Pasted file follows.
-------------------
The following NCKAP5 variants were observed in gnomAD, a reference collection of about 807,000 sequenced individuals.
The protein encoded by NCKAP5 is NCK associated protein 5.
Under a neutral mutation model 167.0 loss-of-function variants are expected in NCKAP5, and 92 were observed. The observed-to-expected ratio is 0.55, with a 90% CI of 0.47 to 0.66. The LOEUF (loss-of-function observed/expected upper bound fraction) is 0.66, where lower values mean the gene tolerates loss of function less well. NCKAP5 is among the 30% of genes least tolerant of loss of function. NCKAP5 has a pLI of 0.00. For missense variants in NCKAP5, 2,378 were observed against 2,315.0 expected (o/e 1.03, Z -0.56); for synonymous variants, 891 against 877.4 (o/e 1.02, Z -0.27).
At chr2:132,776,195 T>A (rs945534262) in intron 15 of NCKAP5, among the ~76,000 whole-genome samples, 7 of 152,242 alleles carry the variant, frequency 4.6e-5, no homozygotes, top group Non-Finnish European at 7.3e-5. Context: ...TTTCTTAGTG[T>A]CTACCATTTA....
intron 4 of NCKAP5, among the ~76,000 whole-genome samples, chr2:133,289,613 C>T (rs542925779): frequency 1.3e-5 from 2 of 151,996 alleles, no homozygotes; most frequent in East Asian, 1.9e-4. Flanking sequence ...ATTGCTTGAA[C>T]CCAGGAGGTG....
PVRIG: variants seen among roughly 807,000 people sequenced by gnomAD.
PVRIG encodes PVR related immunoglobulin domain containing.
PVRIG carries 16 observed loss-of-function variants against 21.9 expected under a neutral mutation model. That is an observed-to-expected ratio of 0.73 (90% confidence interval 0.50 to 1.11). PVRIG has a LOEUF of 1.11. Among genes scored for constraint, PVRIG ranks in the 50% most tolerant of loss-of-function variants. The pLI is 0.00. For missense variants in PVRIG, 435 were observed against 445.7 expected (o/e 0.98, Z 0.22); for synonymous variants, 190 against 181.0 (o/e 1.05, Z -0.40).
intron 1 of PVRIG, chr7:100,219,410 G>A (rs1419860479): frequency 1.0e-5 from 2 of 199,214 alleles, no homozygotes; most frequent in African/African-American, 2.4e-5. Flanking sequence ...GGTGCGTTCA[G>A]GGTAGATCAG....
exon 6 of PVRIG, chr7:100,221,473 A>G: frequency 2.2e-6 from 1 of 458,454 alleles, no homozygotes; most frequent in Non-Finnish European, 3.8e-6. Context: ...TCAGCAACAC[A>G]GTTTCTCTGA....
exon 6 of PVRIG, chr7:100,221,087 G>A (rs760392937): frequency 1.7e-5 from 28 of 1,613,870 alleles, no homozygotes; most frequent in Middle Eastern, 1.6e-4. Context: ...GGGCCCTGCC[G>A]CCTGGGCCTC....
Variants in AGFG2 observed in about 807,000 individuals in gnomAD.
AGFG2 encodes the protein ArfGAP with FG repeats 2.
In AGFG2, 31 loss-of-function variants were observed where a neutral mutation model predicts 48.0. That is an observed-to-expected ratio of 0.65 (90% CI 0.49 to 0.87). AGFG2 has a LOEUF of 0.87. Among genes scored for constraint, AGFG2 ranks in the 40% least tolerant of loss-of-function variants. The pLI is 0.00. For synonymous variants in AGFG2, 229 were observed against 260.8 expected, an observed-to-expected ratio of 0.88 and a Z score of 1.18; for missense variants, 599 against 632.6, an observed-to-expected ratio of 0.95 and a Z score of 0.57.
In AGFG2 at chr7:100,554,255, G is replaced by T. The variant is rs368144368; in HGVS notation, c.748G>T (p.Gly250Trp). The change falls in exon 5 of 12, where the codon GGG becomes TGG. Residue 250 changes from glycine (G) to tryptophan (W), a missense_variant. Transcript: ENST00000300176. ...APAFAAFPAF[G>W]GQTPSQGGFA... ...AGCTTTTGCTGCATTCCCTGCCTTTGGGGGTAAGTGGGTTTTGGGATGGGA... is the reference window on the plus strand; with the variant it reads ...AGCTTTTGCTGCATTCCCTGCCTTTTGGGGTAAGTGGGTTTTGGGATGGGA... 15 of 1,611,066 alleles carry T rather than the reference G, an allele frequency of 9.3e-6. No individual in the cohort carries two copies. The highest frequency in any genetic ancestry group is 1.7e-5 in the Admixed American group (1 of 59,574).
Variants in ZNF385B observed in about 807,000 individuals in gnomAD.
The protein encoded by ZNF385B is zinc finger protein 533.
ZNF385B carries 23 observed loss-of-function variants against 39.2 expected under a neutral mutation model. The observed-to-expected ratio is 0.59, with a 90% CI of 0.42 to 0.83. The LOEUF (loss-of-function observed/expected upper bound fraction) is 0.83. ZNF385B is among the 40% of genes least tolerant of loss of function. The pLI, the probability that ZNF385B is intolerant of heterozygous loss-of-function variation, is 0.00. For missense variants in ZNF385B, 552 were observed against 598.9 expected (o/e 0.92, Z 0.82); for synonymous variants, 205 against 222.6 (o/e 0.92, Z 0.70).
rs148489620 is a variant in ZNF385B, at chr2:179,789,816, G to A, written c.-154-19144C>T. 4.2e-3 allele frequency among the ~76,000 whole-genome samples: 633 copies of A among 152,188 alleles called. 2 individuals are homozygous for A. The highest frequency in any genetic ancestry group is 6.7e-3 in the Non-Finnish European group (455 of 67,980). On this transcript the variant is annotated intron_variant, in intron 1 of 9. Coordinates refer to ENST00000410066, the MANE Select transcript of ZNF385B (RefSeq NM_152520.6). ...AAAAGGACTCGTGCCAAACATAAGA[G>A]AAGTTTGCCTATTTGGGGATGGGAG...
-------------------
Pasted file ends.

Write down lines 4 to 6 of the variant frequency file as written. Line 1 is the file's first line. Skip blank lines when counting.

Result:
At chr2:132,776,195 T>A (rs945534262) in intron 15 of NCKAP5, among the ~76,000 whole-genome samples, 7 of 152,242 alleles carry the variant, frequency 4.6e-5, no homozygotes, top group Non-Finnish European at 7.3e-5. Context: ...TTTCTTAGTG[T>A]CTACCATTTA....
intron 4 of NCKAP5, among the ~76,000 whole-genome samples, chr2:133,289,613 C>T (rs542925779): frequency 1.3e-5 from 2 of 151,996 alleles, no homozygotes; most frequent in East Asian, 1.9e-4. Flanking sequence ...ATTGCTTGAA[C>T]CCAGGAGGTG....
PVRIG: variants seen among roughly 807,000 people sequenced by gnomAD.